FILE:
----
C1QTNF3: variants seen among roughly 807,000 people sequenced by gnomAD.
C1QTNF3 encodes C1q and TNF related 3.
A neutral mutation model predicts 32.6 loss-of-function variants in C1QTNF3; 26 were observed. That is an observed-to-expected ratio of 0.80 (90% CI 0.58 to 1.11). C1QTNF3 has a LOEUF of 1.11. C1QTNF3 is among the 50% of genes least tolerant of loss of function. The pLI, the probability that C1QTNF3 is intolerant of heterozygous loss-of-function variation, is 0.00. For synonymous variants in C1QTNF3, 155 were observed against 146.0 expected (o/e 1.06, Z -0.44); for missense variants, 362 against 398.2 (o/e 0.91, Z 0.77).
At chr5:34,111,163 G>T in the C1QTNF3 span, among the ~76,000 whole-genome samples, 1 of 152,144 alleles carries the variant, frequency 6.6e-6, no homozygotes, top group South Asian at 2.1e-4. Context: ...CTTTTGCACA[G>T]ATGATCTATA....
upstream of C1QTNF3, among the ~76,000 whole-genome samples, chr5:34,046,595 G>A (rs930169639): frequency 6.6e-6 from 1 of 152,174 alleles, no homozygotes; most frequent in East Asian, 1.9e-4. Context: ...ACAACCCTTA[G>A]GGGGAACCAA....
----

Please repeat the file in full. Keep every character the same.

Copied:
C1QTNF3: variants seen among roughly 807,000 people sequenced by gnomAD.
C1QTNF3 encodes C1q and TNF related 3.
A neutral mutation model predicts 32.6 loss-of-function variants in C1QTNF3; 26 were observed. That is an observed-to-expected ratio of 0.80 (90% CI 0.58 to 1.11). C1QTNF3 has a LOEUF of 1.11. C1QTNF3 is among the 50% of genes least tolerant of loss of function. The pLI, the probability that C1QTNF3 is intolerant of heterozygous loss-of-function variation, is 0.00. For synonymous variants in C1QTNF3, 155 were observed against 146.0 expected (o/e 1.06, Z -0.44); for missense variants, 362 against 398.2 (o/e 0.91, Z 0.77).
At chr5:34,111,163 G>T in the C1QTNF3 span, among the ~76,000 whole-genome samples, 1 of 152,144 alleles carries the variant, frequency 6.6e-6, no homozygotes, top group South Asian at 2.1e-4. Context: ...CTTTTGCACA[G>T]ATGATCTATA....
upstream of C1QTNF3, among the ~76,000 whole-genome samples, chr5:34,046,595 G>A (rs930169639): frequency 6.6e-6 from 1 of 152,174 alleles, no homozygotes; most frequent in East Asian, 1.9e-4. Context: ...ACAACCCTTA[G>A]GGGGAACCAA....